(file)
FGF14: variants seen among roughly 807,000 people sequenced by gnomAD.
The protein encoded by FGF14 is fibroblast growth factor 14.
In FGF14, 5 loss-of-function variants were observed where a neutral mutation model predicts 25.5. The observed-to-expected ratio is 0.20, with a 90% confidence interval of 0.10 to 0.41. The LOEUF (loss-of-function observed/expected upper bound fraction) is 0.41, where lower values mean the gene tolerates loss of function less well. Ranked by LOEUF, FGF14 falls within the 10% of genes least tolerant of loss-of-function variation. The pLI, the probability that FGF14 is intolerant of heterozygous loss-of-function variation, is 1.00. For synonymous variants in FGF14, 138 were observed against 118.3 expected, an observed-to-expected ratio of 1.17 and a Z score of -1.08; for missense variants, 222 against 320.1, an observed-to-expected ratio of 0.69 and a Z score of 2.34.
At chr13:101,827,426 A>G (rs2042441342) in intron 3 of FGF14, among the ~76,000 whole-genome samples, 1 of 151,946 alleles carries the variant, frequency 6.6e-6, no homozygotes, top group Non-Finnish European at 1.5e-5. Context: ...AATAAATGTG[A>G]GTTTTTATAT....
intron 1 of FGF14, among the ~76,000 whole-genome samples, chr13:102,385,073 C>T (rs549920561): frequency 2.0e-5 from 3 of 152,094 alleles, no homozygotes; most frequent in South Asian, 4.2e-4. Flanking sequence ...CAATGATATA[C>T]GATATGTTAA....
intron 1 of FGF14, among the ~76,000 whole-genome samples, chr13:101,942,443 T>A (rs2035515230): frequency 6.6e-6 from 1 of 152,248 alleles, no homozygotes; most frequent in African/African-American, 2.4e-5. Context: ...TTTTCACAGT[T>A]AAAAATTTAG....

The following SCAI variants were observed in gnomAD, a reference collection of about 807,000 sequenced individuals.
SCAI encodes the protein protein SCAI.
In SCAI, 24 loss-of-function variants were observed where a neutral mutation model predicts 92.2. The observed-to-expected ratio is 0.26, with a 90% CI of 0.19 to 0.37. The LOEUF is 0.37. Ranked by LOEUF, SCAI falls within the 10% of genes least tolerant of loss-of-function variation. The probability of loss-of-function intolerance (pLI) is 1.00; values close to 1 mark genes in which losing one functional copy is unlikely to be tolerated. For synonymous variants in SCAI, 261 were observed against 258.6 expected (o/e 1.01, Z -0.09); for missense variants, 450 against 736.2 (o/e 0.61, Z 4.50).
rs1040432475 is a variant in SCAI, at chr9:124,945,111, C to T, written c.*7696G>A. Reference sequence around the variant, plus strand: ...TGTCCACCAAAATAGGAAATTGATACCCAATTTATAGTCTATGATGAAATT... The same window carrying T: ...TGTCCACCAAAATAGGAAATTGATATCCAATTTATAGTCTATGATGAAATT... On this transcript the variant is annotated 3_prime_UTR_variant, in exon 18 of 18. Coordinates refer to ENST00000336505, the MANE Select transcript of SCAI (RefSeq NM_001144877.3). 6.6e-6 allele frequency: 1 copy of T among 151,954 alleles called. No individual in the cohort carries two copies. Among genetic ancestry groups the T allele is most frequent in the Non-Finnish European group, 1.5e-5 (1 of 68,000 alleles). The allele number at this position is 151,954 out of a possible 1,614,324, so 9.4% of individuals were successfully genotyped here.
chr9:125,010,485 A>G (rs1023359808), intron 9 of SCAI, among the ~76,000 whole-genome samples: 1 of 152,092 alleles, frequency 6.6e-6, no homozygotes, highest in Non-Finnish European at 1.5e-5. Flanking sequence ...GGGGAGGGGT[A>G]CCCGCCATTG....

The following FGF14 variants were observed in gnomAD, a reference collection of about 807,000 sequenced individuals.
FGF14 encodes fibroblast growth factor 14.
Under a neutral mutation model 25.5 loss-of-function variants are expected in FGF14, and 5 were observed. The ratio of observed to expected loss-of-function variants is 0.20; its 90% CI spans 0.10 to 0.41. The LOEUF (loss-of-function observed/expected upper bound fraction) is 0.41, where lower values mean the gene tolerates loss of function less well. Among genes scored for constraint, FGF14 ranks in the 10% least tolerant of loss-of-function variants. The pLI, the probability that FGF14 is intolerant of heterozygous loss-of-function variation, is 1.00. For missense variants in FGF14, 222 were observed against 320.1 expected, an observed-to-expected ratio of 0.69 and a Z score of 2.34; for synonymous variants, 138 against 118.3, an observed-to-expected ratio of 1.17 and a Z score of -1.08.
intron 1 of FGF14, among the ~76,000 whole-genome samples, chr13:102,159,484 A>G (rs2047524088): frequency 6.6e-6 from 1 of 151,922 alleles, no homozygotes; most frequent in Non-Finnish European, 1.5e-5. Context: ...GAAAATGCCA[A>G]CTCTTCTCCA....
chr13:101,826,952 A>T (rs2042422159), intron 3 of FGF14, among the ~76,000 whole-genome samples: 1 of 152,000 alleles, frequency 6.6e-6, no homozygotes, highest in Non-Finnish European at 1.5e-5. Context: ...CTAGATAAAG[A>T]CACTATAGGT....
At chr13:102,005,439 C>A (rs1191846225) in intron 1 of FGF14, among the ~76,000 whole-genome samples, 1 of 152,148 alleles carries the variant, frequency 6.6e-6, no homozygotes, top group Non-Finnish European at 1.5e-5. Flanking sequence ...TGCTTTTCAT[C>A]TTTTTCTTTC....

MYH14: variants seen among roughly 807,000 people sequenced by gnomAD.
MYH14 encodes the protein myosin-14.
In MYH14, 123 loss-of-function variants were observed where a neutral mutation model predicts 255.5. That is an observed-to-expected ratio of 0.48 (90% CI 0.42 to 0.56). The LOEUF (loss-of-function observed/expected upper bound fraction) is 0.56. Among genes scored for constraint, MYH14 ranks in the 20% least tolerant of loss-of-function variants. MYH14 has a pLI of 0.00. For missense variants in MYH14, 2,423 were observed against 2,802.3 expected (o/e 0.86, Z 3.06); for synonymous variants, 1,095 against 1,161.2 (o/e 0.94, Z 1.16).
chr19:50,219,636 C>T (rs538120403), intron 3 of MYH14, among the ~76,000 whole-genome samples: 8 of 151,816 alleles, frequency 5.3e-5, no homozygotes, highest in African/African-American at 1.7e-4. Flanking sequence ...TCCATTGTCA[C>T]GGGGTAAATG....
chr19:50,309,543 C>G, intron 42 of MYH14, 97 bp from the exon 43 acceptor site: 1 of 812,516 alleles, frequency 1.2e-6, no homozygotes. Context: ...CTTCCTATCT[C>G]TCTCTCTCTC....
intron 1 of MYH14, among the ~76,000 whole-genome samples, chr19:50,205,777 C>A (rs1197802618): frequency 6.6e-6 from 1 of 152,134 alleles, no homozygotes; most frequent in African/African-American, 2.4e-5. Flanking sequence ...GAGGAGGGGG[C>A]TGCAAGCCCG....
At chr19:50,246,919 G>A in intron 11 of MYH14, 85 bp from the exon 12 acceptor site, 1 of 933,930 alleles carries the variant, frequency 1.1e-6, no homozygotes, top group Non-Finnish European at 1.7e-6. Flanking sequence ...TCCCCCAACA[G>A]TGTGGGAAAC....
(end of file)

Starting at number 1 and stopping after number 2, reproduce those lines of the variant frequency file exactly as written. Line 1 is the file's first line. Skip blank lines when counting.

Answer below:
FGF14: variants seen among roughly 807,000 people sequenced by gnomAD.
The protein encoded by FGF14 is fibroblast growth factor 14.